This article identifies an expression of a social model of disability in a 1966 film promoting Hofstra University’s Program for the Higher Education of the Handicapped and traces that model back to books published by the pioneering rehabilitation physician Henry H. Kessler in 1935 and 1947, decades before the UPIAS (Union of the Physically Impaired against Segregation) Fundamental Principles of Disability (1976). In light of Kessler’s articulation of social and minority models, identification of contrasting religious, charity and medical models, and discussion of disability stigma, this article reassesses Ruth O’Brien’s critique, in Crippled Justice (2001), of Kessler and the twentieth-century rehabilitation movement.

Contrary to O’Brien’s critique, Kessler does not simply expect people with disabilities to adapt themselves to the existing society; instead, he insists that the “general public” change its handicapping attitudes and accept the person living with impairments as a “natural unit of the common society.” Rather than, as O’Brien charges, embracing the norm, Kessler questions the concept “normal” and anticipates Rosemarie Garland-Thomson’s concept “normate.” Further, rather than stressing the psychological maladjustment of people with disabilities, Kessler attributes ableist prejudice to its own form of personality maladjustment. O’Brien’s critique better fits the career and writing of Howard A. Rusk whom she pairs with Kessler as founders and leaders of the rehabilitation movement.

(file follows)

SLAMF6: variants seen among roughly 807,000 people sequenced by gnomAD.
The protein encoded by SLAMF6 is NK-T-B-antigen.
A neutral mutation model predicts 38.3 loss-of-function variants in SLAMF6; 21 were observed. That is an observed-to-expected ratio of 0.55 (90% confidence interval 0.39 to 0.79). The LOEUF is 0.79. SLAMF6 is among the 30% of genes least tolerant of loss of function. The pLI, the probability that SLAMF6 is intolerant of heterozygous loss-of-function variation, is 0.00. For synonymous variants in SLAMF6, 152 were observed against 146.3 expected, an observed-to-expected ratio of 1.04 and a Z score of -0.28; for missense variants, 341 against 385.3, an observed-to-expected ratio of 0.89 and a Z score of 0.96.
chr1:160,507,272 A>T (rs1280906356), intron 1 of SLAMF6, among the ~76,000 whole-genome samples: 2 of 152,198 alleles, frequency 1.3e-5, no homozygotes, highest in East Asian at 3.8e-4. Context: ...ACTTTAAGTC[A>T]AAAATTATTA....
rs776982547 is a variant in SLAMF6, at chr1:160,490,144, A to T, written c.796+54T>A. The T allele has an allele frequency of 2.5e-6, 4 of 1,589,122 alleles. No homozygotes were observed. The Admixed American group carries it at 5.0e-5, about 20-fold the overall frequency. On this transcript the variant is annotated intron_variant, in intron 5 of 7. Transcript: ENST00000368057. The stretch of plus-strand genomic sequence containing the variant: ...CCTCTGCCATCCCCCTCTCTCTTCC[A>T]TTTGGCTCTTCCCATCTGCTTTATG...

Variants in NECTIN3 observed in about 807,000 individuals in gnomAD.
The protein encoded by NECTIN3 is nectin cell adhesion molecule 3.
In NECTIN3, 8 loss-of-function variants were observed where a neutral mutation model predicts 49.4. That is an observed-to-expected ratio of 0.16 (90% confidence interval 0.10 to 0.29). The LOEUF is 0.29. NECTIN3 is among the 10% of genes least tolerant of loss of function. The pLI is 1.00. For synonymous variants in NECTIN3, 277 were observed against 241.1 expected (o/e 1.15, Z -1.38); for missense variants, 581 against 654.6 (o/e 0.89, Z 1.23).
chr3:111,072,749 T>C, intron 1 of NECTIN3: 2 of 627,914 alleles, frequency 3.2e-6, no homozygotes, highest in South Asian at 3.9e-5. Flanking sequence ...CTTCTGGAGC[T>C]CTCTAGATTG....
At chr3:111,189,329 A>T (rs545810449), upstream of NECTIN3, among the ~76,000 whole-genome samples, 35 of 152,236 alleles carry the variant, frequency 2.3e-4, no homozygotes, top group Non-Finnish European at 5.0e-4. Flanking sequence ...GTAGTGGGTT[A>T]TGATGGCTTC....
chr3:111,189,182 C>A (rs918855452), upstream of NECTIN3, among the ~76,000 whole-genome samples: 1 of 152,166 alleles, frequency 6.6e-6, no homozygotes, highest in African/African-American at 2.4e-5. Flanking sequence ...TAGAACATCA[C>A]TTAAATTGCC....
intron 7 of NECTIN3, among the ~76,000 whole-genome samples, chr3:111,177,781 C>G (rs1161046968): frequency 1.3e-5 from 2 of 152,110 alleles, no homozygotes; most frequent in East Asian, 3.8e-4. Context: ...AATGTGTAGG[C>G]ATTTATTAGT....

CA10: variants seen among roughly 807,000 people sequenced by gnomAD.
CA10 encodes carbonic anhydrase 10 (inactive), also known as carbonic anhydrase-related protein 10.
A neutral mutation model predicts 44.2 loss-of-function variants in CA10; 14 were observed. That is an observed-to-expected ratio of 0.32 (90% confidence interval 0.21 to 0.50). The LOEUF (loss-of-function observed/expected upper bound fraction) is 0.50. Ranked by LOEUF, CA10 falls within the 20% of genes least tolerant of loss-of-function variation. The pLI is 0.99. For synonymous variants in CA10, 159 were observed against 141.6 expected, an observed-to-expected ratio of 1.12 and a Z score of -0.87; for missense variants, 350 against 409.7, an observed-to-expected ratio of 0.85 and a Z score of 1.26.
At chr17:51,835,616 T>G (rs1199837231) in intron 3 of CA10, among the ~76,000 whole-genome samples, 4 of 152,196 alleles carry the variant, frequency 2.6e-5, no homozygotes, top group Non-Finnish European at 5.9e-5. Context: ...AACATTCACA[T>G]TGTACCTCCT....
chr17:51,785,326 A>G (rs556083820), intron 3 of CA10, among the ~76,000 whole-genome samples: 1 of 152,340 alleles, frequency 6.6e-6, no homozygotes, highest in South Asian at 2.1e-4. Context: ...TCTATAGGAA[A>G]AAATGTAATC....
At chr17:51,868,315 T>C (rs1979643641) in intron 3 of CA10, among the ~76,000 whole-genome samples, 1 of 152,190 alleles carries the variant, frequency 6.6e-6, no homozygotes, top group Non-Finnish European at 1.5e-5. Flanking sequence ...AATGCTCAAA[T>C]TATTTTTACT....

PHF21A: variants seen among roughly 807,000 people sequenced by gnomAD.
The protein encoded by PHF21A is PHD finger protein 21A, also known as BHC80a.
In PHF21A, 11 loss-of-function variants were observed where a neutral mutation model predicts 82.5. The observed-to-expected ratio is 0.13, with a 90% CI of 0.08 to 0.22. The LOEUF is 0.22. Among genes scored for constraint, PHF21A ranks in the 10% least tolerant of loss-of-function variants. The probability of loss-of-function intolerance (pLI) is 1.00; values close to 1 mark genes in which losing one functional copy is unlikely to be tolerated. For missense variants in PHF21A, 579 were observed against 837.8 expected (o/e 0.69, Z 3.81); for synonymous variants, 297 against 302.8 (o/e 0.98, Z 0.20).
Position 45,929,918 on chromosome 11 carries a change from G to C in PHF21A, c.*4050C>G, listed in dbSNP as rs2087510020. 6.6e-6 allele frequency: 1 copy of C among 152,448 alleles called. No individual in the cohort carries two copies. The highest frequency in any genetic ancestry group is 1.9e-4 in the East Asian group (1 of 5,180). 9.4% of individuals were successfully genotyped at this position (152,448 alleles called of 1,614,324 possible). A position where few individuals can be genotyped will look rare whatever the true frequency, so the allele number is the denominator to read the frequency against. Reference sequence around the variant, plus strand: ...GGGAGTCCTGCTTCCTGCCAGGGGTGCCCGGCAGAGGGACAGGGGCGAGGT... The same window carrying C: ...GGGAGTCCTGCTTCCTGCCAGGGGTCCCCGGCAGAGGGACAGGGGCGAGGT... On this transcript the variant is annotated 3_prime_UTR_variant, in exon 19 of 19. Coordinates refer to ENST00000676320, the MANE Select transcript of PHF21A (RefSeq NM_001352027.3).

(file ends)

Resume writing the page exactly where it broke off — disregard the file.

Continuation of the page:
This article also proposes factors that prevented Kessler’s social-contextual model from spawning the social movement that UPIAS’s Fundamental Principles later would. Those factors include what David Pettinicchio identifies as an entrenched disability policy monopoly (Politics of Empowerment 2019), the absence of a cross-disability collective identity, and the absence of a civil rights frame for addressing discrimination against underprivileged minorities. The seeds of the later disability rights movement, though, appear in early articulations of social and minority models within the rehabilitation movement.